The U.S. Supreme Court granted review of a federal appeals court ruling that upheld bans in four states on the freedom to marry and recognition of marriages of same-sex couples legally performed in other states. The Court granted review of petitions from all four states – Kentucky, Michigan, Ohio, and Tennessee. The announcement on January 16, 2015 sets the stage for final resolution of the debate about marriage equality for same-sex couples nationwide.
“The ACLU is pleased that the Supreme Court is deciding this issue — it’s time,” said Jennifer Meinig, Executive Director of the ACLU of West Virginia. “Shared American values of freedom and equality should be applied to all of our country’s citizens. The Court will be able to provide a national solution that treats lesbian and gay couples fairly.”
The American Civil Liberties Union and Stanford Law School Supreme Court Litigation Clinic are co-counsel in the two Kentucky cases, Bourke v. Beshear and Love v. Beshear, brought by lawyers at Clay Daniel Walton & Adams and the Fauver Law Office. These cases challenge Kentucky’s anti-marriage laws on the ground that they violate due process and equal protection provisions of the U.S. Constitution. The ACLU along with Lambda Legal and Gerhardstein & Branch are also co-counsel in the Ohio case, Obergefell, et al v. Hodges.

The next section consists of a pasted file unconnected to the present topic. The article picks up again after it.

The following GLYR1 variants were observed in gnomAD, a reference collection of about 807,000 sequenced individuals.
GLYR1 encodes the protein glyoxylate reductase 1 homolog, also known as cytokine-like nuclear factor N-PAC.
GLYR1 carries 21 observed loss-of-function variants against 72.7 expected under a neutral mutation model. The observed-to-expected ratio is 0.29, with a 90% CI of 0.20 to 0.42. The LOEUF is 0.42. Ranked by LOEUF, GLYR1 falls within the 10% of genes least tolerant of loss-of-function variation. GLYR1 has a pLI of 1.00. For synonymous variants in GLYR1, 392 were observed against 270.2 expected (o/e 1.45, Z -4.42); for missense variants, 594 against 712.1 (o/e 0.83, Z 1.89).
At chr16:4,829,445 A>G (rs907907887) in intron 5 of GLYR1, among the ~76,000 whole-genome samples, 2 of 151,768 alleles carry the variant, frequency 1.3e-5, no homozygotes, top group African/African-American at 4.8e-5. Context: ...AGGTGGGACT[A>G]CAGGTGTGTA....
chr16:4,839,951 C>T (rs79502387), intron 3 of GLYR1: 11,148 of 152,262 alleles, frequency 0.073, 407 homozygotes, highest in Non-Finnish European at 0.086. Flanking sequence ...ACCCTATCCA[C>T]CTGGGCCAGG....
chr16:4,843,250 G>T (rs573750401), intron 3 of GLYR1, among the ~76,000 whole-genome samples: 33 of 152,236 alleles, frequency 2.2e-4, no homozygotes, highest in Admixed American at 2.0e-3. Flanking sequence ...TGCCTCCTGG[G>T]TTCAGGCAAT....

The plaintiff couples in the two lawsuits are denied the freedom to marry the person they love, and denied recognition of valid marriages entered into in other jurisdictions. From the birth of children to the death of beloved partners, same-sex couples in Kentucky are unable to enjoy the rights, responsibilities, and privileges of married life that their different-sex counterparts in Kentucky take for granted.
Paul Campion and Randy Johnson met in the summer of 1991 and have been together ever since. They live in Louisville and are raising four children together. When Paul was diagnosed with prostate cancer at 46, the family not only had to navigate the stress of his illness but was also faced with a host of legal questions about whether and how Randy would be recognized by medical providers during Paul’s treatment.
The Sixth Circuit Court of Appeals ruled November 6, 2014 to uphold four bans in Michigan, Tennessee, Ohio and Kentucky on the freedom to marry and the recognition of marriages between same-sex couples performed in other jurisdictions. It is the only federal circuit court after the Supreme Court’s watershed 2013 Windsor ruling to uphold such bans.
More information about the cases is available at: